The hourly wage data shown here only takes into account the amount of time workers spent actively doing tasks. But, as a microtask platform, Clickworker workers are paid in very small amounts for tasks that each take up only a short amount of time. The time that workers have to spend looking for work — or waiting for work to appear, when there is not enough — also constrains the amount of money that workers can actually make while working on the platform.
Many workers on Clickworker reported spending a significant amount of time looking for work or waiting for work to appear on the platform, and this was a common complaint expressed by workers in the survey:
I wish they had more offers, sometimes I have to wait too long to find another offer.
If this waiting time were taken into account — an important part of being able to work on Clickworker — real wages earned by workers on this platform would be even lower.
Although a full 41% of surveyed workers have experienced nonpayment at least once while working on the platform, all of these workers also reported that the occurrence was fairly rare.
Frequency of Nonpayment Experiences
On Clickworker, all nonpayment issues reported by survey respondents seemed to be a result of requesters/clients rejecting work, and were not obviously due to platform bugs or mismanagement.
Sometimes workers understood why their work was rejected:
The times when my work were rejected is if I gave the wrong answers to what they were looking for.
However, sometimes clients/requesters made errors in setting up tasks — such as not setting up a survey properly — which then resulted in workers not being paid for completed tasks:
A couple of times surveys [I] have completed have not produced a confirmation code so I had nothing to enter into the code box which confirms you completed the task.
Some workers also reported that they did not always understand why their work had been rejected. A few respondents thought that they had completed a task correctly, but were not paid for the work as it was rejected by the client.
Communication with platform management and other workers is fairly good on Clickworker. Most workers at least knew how to get in touch with management as well as other workers, and most had positive experiences in communication with both.
However, communicating directly with clients was a challenge. A vast majority of workers reported this was not possible at all, although we have not yet confirmed this with the platform.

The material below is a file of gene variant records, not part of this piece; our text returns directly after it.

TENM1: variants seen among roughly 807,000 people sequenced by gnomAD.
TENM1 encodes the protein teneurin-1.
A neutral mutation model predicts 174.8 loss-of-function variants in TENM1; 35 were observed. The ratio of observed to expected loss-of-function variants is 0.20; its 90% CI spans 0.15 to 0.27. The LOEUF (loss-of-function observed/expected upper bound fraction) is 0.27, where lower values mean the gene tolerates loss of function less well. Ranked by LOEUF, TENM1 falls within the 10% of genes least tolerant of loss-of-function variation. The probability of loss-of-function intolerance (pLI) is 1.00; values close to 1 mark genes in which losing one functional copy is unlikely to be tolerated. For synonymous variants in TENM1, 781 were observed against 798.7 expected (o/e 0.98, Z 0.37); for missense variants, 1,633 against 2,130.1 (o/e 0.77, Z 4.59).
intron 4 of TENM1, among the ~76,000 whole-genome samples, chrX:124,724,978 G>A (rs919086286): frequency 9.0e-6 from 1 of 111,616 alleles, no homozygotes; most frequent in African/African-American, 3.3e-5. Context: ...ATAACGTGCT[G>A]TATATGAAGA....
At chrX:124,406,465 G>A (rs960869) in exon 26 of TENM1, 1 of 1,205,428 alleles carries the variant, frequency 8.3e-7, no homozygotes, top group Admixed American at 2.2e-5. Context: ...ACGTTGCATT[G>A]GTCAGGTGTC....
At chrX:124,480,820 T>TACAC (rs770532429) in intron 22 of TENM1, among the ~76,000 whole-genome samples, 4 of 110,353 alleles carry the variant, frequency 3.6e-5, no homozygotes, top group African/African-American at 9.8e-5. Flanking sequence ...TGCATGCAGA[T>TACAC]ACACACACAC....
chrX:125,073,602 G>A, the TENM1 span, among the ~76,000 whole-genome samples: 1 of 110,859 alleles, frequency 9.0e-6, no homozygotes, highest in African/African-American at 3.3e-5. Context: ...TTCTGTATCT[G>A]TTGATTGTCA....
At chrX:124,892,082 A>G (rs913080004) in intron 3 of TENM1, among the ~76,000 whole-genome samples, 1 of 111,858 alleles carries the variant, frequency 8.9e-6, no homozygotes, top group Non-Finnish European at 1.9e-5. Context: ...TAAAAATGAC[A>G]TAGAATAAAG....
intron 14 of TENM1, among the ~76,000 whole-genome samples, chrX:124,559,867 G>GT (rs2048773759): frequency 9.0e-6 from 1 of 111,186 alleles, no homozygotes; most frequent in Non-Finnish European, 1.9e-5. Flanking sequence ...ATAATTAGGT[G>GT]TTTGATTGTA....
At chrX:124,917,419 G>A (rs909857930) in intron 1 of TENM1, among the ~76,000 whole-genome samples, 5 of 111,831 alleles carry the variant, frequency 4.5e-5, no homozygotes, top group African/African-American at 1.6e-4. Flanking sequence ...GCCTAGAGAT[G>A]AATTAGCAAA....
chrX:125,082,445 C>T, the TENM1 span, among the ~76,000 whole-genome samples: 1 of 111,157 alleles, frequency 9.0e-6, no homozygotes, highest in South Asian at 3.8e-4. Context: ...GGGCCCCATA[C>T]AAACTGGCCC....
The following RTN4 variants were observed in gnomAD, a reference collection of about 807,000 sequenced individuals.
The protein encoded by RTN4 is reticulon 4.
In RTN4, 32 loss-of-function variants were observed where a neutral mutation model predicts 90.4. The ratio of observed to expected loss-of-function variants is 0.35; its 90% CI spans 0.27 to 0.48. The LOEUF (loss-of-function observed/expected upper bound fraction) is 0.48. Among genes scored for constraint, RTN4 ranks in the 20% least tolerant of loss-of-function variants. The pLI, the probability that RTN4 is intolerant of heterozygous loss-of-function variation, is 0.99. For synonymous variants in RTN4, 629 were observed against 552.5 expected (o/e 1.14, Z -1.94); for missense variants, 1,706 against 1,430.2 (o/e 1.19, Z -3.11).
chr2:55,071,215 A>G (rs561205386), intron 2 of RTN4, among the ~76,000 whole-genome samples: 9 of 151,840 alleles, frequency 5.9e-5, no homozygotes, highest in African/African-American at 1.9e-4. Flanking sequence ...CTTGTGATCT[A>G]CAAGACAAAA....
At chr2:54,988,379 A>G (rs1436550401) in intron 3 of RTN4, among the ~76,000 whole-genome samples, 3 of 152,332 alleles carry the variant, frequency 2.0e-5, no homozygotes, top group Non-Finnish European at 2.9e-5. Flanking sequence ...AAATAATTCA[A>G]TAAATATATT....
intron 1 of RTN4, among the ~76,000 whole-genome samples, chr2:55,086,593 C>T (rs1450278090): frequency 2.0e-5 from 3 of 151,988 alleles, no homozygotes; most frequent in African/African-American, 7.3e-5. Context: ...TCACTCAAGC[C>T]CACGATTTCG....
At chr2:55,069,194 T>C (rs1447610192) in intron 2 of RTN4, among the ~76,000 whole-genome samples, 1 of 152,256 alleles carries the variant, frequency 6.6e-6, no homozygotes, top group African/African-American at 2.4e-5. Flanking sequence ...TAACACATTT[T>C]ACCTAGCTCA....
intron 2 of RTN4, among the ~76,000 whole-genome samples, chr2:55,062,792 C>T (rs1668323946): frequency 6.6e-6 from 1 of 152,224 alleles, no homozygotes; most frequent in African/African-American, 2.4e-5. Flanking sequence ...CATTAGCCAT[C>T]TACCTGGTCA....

Communicating with management
Over half of respondents in our survey (53.8%) had communicated with management at least once in the past. An additional 35.8% reported that they knew how to ask platform management a question, even though they had never needed to use this feature.
Although a few workers had negative experiences with management not responding promptly to their questions, most workers had good experiences all around. The platform received especially high ratings for responding to workers respectfully and usefully.
Communicating with clients
About a quarter of respondents said that it was possible to communicate with management, but they had never done so. Only one respondent reported actually communicating directly with clients. Because of these low numbers, we do not have data about the quality of client communications.
Over two thirds of workers (69.2%) reported that either they did not know, or it was not possible to contact clients directly. This could be a problem in the case where workers need to clarify task details, and also limits workers’ abilities to build relationships that would allow them to develop better paying and more regular work for a client directly, without the platform intervening as an intermediary.
Communicating with other workers
Clickworker does provide an official worker forum, and one third of workers surveyed used this forum to communicate with other workers. An additional 38% of workers knew that there was a way to communicate with other workers as part of the official platform, but had not used the feature.
Respondents with experience on the official forums were generally positive about their communications with other workers, finding the experience to be generally enjoyable, useful, and respectful.
Beyond the official forums, many workers also communicated with other workers off-site. Workers used external chat systems, as well as social media sites including Twitter, Facebook, and reddit to connect with others on the platform.
Clickworker does not have a standalone evaluation system for clients to rate workers. However, the platform does have a process for clients to either accept or reject work; and the platform has some qualifications available to workers that allow them to take on different tasks.